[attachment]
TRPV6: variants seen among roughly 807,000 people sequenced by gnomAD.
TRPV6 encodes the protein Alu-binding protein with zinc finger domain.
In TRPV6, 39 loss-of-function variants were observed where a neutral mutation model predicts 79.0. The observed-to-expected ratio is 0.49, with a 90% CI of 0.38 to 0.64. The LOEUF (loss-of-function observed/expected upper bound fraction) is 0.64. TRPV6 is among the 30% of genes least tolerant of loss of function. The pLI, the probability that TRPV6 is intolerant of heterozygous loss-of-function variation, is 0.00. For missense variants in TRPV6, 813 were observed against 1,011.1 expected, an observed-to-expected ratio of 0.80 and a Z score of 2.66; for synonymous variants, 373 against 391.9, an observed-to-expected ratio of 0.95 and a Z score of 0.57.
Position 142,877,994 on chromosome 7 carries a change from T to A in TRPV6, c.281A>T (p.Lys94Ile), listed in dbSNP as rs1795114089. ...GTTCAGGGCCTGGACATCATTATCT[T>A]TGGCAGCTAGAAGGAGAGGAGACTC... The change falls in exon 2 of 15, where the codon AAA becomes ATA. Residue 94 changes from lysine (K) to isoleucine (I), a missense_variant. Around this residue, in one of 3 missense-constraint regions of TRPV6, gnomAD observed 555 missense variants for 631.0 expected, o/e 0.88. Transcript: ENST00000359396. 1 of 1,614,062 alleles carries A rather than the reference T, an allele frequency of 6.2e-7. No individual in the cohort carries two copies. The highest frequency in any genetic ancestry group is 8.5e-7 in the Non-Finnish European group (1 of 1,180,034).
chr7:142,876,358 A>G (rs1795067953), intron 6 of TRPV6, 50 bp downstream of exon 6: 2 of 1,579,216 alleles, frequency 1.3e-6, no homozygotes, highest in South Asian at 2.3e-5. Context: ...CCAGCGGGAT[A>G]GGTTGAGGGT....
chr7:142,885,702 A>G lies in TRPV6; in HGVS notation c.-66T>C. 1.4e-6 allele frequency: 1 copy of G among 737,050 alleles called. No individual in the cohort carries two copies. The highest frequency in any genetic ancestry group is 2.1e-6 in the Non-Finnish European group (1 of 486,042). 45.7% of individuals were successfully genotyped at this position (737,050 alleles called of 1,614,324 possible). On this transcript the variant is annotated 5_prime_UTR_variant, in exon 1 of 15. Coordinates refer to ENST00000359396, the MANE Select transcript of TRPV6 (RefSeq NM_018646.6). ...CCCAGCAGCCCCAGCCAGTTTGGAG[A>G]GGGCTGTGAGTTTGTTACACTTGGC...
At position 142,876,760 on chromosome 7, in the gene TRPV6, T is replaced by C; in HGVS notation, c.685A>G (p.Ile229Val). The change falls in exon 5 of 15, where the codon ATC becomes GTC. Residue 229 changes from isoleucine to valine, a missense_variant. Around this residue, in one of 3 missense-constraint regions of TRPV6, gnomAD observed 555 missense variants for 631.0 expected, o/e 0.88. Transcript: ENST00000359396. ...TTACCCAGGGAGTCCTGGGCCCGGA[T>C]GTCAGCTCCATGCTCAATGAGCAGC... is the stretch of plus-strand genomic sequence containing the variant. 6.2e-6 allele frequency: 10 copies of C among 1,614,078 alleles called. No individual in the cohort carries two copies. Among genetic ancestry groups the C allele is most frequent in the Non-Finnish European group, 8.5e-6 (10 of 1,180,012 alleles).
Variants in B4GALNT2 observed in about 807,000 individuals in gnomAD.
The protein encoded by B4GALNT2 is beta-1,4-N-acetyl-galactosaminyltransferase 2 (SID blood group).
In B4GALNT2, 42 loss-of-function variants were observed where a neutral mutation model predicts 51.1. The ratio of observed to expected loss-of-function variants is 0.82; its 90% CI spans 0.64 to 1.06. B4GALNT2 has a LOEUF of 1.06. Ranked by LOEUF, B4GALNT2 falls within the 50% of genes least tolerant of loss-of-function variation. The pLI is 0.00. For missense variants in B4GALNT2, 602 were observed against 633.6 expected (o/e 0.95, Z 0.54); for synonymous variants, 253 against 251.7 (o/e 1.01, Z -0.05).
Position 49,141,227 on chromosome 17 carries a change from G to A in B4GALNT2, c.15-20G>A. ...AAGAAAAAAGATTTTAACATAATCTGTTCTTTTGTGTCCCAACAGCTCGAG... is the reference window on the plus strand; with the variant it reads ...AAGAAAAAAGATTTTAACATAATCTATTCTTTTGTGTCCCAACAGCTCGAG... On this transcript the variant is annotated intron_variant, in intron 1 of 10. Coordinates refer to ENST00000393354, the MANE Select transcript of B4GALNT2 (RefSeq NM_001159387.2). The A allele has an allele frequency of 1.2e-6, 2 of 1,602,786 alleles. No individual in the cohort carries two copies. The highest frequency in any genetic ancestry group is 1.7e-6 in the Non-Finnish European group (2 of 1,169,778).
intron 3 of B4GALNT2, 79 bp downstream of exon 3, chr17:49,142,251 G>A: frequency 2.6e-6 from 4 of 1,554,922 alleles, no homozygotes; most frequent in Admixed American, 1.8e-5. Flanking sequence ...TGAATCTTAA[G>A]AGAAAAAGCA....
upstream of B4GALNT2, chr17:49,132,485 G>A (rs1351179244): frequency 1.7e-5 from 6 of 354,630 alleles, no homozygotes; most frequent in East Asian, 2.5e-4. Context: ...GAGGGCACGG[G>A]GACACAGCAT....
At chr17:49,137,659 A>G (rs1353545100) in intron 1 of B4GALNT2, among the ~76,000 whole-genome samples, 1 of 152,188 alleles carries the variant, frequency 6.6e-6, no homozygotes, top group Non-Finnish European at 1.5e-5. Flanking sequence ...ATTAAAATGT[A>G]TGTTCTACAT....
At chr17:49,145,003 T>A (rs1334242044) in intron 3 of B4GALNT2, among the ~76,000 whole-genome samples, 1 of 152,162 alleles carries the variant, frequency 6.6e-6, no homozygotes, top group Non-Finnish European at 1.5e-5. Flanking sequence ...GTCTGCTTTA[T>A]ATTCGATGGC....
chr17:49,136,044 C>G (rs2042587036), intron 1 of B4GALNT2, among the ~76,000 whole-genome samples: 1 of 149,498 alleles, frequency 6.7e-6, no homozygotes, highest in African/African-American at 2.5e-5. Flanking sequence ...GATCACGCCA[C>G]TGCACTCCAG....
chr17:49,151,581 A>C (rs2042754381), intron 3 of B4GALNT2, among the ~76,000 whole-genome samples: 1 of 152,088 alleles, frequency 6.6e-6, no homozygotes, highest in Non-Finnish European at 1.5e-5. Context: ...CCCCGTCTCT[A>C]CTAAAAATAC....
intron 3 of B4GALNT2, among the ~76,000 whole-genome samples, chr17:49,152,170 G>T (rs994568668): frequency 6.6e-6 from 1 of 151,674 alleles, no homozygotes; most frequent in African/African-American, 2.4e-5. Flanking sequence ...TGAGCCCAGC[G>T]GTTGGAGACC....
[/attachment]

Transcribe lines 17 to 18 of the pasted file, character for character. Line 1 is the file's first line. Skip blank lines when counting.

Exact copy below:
chr17:49,151,581 A>C (rs2042754381), intron 3 of B4GALNT2, among the ~76,000 whole-genome samples: 1 of 152,088 alleles, frequency 6.6e-6, no homozygotes, highest in Non-Finnish European at 1.5e-5. Context: ...CCCCGTCTCT[A>C]CTAAAAATAC....
intron 3 of B4GALNT2, among the ~76,000 whole-genome samples, chr17:49,152,170 G>T (rs994568668): frequency 6.6e-6 from 1 of 151,674 alleles, no homozygotes; most frequent in African/African-American, 2.4e-5. Flanking sequence ...TGAGCCCAGC[G>T]GTTGGAGACC....